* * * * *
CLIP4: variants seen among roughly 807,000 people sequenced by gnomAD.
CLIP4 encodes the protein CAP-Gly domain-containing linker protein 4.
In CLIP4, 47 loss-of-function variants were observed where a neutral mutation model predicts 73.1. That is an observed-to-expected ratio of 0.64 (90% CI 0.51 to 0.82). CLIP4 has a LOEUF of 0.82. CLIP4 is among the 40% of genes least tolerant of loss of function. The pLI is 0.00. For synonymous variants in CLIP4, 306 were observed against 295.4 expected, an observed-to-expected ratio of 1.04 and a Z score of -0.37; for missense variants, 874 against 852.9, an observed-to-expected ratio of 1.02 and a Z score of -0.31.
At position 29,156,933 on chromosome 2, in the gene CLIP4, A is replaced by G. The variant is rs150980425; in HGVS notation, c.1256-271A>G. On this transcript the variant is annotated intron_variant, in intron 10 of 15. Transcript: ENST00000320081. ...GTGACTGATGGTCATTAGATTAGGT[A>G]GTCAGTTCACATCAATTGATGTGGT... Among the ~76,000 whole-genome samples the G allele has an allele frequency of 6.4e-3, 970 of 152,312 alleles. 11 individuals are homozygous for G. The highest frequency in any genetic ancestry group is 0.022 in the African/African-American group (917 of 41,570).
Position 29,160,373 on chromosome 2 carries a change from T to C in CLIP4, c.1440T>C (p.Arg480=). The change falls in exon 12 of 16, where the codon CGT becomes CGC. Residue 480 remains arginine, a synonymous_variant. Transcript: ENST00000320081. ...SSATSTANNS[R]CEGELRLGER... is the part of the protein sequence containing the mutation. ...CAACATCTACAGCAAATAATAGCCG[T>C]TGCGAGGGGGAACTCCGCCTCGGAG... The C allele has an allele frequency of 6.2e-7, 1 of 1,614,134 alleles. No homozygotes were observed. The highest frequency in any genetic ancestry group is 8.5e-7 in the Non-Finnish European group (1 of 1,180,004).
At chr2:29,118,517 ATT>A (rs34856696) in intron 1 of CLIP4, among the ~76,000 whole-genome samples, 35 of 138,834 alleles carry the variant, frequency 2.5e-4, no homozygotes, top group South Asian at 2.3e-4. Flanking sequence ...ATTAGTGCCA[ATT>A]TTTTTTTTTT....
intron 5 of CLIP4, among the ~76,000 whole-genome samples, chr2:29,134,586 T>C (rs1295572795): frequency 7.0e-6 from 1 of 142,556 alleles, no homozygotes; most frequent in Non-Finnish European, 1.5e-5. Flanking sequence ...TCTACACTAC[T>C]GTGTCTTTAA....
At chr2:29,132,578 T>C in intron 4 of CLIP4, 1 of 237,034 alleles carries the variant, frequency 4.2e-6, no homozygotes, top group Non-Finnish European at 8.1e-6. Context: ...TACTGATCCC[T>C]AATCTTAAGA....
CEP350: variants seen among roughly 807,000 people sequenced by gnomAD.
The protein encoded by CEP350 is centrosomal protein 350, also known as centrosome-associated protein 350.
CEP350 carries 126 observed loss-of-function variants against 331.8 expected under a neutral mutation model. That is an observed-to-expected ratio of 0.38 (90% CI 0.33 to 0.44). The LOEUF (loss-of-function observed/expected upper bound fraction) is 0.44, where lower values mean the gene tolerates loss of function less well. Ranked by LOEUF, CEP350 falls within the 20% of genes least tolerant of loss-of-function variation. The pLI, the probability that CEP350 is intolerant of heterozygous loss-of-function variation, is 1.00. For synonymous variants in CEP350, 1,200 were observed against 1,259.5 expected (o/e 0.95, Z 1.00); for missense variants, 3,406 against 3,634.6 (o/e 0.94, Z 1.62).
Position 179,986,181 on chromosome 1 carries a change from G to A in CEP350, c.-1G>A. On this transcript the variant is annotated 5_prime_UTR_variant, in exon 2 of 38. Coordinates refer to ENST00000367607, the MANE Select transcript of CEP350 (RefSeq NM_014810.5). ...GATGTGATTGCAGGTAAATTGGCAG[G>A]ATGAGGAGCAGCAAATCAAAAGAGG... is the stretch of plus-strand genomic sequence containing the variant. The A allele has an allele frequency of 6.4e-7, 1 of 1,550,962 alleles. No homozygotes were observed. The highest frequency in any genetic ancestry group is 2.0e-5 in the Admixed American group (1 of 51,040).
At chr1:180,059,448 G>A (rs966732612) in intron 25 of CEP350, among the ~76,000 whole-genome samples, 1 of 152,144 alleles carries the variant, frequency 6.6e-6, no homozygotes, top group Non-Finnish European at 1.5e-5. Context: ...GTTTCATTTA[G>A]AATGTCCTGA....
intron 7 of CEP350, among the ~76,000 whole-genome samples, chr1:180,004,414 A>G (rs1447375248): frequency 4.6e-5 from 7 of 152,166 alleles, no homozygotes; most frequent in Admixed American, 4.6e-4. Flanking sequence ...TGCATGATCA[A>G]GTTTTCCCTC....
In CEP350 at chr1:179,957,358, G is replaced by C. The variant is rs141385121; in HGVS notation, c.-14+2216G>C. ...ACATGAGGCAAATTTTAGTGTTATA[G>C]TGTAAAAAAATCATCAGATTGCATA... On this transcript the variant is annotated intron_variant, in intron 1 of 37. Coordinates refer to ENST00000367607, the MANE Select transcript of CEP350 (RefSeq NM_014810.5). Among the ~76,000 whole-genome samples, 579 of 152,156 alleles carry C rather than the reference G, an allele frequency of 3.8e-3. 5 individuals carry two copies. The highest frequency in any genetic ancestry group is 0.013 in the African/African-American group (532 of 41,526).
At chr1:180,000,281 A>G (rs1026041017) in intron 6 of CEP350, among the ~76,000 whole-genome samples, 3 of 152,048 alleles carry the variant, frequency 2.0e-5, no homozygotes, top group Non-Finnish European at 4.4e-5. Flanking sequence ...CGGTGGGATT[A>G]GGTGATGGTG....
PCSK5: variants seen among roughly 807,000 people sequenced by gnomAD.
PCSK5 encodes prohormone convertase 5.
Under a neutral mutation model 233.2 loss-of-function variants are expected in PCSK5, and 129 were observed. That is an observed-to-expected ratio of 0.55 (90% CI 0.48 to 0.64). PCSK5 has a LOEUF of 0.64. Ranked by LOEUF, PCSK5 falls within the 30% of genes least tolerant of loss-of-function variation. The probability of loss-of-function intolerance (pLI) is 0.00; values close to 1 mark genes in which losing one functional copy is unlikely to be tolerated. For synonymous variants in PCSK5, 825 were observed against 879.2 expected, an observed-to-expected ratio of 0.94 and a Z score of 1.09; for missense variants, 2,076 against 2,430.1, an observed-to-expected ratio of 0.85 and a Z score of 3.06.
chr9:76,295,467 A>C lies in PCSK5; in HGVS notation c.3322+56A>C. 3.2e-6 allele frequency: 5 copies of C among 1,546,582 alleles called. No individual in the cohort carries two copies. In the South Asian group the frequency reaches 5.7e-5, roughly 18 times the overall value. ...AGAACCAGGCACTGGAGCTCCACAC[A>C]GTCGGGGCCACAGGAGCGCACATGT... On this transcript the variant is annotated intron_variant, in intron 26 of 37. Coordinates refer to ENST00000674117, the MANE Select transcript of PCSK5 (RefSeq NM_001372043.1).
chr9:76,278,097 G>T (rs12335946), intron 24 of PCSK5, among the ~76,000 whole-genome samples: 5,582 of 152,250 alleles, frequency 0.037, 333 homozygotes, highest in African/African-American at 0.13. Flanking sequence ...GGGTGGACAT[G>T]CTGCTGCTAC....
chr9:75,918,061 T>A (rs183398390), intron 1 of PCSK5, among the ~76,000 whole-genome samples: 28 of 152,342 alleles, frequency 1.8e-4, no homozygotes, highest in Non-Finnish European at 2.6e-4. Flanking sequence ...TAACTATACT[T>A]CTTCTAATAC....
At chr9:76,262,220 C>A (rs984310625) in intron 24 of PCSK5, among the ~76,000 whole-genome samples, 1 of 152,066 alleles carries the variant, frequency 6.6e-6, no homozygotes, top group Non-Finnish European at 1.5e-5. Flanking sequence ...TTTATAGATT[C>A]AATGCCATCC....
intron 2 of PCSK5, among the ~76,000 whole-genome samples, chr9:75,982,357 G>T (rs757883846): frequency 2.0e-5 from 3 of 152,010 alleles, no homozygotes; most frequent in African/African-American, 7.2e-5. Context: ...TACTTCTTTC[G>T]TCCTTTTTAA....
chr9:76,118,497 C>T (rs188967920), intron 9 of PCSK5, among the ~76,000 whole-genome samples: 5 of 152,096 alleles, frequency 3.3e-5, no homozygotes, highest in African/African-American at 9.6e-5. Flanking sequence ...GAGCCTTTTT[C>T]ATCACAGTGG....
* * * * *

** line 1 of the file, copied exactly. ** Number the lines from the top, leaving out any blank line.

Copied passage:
CLIP4: variants seen among roughly 807,000 people sequenced by gnomAD.